1. External bleeding
    • Disproportionately heavy bleeding from cuts.
    • Cuts begin to heal; scabs form; and then the bleeding starts again.
    • Excessive bleeding from loss of a tooth or cut in the mouth
    • Nosebleeds for no apparent reason.
  2. Internal bleeding
    • Easy formation of bruises
    • Blood in the urine
    • Blood in the stool.
  3. Bleeding in joints –in severe cases, internal bleeding in joints is not uncommon. The symptoms are as follows:
    • Internal bleeding in elbows, knees etc.
    • Gradual development of tightness and swelling in the joints. It becomes hot and difficult to bend.
    • Continued bleeding causes loss of joint use and swelling increases.
  4. Bleeding in the brain – this is by far the most serious complication of hemophilia. It can be caused by a mild bump to a head injury. It can be fatal. The symptoms are as follows:
    • Long lasting headaches and pain in the neck.
    • Repeated episodes of nausea and vomiting
    • Sudden weakness or dizziness.
    • Difficulty in manipulating the limbs.
    • Sleepiness
    • Convulsion or seizures.

Spontaneous bleeding is common in hemophilia. It is difficult to diagnose the disease in early stage. Children are diagnosed when they begin to bruise easily or bleed profusely from childhood accidents or dental procedures.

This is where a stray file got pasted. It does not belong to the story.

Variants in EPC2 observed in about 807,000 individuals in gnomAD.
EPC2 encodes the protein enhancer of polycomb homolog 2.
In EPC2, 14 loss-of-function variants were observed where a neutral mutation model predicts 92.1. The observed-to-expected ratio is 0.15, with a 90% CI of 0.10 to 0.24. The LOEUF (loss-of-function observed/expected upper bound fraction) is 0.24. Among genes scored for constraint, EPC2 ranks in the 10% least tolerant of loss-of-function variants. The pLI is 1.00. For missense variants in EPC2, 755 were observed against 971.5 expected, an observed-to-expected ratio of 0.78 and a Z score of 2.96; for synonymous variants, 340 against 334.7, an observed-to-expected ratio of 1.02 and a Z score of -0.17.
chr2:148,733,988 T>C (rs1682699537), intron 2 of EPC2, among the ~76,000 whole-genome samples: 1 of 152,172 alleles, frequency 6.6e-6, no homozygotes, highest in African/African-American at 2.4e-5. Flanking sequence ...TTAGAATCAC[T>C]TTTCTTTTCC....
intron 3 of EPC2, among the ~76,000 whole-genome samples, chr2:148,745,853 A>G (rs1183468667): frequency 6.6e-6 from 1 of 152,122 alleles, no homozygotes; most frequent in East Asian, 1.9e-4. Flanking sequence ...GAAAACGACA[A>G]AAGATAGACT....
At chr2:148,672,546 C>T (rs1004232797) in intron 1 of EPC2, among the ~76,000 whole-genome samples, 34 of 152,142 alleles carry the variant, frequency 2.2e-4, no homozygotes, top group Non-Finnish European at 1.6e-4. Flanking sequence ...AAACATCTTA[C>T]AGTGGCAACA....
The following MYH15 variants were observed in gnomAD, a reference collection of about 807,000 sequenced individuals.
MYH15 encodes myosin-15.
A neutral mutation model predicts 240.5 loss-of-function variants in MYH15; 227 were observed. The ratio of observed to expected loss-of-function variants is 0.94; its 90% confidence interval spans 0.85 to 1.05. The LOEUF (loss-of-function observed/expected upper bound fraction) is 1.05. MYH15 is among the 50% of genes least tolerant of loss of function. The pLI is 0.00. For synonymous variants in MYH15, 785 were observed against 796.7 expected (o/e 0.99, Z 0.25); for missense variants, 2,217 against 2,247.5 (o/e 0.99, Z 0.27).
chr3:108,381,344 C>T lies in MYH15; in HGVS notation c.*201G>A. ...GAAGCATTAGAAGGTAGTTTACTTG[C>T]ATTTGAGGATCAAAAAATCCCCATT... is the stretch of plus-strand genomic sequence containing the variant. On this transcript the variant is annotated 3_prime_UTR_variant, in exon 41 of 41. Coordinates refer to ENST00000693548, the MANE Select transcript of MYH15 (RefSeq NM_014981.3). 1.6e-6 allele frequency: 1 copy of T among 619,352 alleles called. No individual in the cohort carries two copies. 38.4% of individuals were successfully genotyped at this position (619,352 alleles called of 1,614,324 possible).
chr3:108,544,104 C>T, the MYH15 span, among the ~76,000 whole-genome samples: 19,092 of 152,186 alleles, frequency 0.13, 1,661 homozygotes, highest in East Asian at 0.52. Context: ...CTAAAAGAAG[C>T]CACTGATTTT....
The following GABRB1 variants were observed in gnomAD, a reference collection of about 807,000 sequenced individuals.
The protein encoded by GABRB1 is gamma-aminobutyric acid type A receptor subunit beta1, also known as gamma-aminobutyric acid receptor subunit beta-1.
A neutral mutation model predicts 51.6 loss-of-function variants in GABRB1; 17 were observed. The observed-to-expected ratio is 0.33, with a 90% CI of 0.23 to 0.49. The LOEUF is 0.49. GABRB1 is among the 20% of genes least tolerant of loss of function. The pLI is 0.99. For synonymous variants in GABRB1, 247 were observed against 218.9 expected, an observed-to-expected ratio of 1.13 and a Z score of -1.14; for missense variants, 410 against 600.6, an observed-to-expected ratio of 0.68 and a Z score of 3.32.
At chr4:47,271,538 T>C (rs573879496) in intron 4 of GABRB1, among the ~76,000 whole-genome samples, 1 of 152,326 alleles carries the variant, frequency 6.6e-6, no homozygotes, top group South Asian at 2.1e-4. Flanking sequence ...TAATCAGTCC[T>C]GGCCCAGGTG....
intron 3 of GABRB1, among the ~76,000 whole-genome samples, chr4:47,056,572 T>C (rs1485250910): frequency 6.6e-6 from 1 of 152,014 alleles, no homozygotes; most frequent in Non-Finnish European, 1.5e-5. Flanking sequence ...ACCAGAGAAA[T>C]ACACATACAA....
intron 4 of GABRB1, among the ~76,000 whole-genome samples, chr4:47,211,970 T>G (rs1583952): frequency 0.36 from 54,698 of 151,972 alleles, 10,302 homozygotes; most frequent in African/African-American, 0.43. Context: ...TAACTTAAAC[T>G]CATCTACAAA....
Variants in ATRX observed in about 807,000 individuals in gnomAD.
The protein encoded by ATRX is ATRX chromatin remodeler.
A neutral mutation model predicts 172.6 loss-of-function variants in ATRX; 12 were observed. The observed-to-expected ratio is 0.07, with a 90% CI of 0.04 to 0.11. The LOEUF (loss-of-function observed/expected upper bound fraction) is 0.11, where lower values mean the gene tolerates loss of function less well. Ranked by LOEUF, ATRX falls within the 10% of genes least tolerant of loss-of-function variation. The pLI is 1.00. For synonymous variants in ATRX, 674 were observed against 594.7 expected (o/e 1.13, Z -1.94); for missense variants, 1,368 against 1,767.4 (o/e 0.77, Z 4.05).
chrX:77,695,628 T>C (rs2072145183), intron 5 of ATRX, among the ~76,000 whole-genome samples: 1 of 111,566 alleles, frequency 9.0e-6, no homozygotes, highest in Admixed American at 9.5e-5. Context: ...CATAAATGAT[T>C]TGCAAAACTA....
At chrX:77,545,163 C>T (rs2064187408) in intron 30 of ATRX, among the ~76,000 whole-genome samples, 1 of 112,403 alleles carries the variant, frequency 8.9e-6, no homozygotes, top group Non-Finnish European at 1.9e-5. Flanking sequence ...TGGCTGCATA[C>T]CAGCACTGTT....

Treatment for hemophilia

There is no cure for hemophilia. A number of different supportive treatments are suggested.

  • The most common treatment is known as replacement therapy.
  • In this case, you receive regular infusion of the clotting factor VIII or IX which is missing in your blood.
  • This clotting factor is made from human blood. It is treated to prevent cross infection of diseases like hepatitis. It is completely safe and the risks of infections are small. However, in recent years, increase in incidence of HIV has increased the risk.
  • The replacement infusion can be done at home at it take 15 minutes on an average.
  • If you do not want to take clotting factors from human blood, you can opt for recombinant clotting factors which are made from non human sources.
  • Regular infusion is known as prevention therapy. On the other hand, if you get infusion only when the signs of the bleeding become apparent, this is demand therapy. The latter is more expensive. Moreover, by the time the symptoms manifest itself, substantial internal damage may have been caused.
  • It is recommended that patients or their parents learn to administer replacement therapy at home as it is safer and less expensive.
  • In mild cases, nasal spray or injection of a synthetic hormone called desmopressin is given. This is generally given in special circumstances like before a dental procedure.
  • Antifibrinolytic medicines are given in complement with replacement therapy to prevent the blood clots from breaking down.
  • The latest development is gene therapy where there is an effort to replace the defective gene. In 2011, a team of American and British researchers reported success with this treatment. However, it is still in an experimental stage.
  • Specific exercises are recommended to maintain the health of the joints. They include stretching of calves, flexion of elbows, ankle circles etc. Alternative treatments like self hypnosis are also used to control bleeding in hemophiliacs.